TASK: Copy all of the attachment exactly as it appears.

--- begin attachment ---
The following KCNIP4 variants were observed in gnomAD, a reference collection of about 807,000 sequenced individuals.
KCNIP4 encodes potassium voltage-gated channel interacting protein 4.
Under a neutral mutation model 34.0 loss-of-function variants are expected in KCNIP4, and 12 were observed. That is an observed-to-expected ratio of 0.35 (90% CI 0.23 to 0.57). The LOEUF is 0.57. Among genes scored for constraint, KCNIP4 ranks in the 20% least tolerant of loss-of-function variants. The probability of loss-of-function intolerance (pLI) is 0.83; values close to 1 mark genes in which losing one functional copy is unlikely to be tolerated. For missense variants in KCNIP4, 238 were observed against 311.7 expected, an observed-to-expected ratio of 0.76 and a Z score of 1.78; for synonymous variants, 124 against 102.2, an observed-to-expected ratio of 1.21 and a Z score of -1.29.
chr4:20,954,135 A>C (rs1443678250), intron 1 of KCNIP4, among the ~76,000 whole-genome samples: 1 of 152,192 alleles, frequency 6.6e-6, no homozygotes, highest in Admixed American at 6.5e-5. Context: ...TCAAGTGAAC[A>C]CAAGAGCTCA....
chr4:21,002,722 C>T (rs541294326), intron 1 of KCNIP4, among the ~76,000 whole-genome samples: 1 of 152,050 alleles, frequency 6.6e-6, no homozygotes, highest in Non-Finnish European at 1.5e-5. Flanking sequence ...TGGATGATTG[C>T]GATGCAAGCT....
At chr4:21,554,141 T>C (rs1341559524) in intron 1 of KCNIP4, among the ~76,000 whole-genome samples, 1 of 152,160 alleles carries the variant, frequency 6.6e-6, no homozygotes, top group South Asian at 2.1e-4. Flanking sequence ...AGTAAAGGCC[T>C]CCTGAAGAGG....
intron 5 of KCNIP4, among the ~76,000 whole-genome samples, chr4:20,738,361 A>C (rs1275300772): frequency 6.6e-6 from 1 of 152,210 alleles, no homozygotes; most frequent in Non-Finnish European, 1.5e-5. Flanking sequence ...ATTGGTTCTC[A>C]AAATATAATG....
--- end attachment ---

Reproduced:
The following KCNIP4 variants were observed in gnomAD, a reference collection of about 807,000 sequenced individuals.
KCNIP4 encodes potassium voltage-gated channel interacting protein 4.
Under a neutral mutation model 34.0 loss-of-function variants are expected in KCNIP4, and 12 were observed. That is an observed-to-expected ratio of 0.35 (90% CI 0.23 to 0.57). The LOEUF is 0.57. Among genes scored for constraint, KCNIP4 ranks in the 20% least tolerant of loss-of-function variants. The probability of loss-of-function intolerance (pLI) is 0.83; values close to 1 mark genes in which losing one functional copy is unlikely to be tolerated. For missense variants in KCNIP4, 238 were observed against 311.7 expected, an observed-to-expected ratio of 0.76 and a Z score of 1.78; for synonymous variants, 124 against 102.2, an observed-to-expected ratio of 1.21 and a Z score of -1.29.
chr4:20,954,135 A>C (rs1443678250), intron 1 of KCNIP4, among the ~76,000 whole-genome samples: 1 of 152,192 alleles, frequency 6.6e-6, no homozygotes, highest in Admixed American at 6.5e-5. Context: ...TCAAGTGAAC[A>C]CAAGAGCTCA....
chr4:21,002,722 C>T (rs541294326), intron 1 of KCNIP4, among the ~76,000 whole-genome samples: 1 of 152,050 alleles, frequency 6.6e-6, no homozygotes, highest in Non-Finnish European at 1.5e-5. Flanking sequence ...TGGATGATTG[C>T]GATGCAAGCT....
At chr4:21,554,141 T>C (rs1341559524) in intron 1 of KCNIP4, among the ~76,000 whole-genome samples, 1 of 152,160 alleles carries the variant, frequency 6.6e-6, no homozygotes, top group South Asian at 2.1e-4. Flanking sequence ...AGTAAAGGCC[T>C]CCTGAAGAGG....
intron 5 of KCNIP4, among the ~76,000 whole-genome samples, chr4:20,738,361 A>C (rs1275300772): frequency 6.6e-6 from 1 of 152,210 alleles, no homozygotes; most frequent in Non-Finnish European, 1.5e-5. Flanking sequence ...ATTGGTTCTC[A>C]AAATATAATG....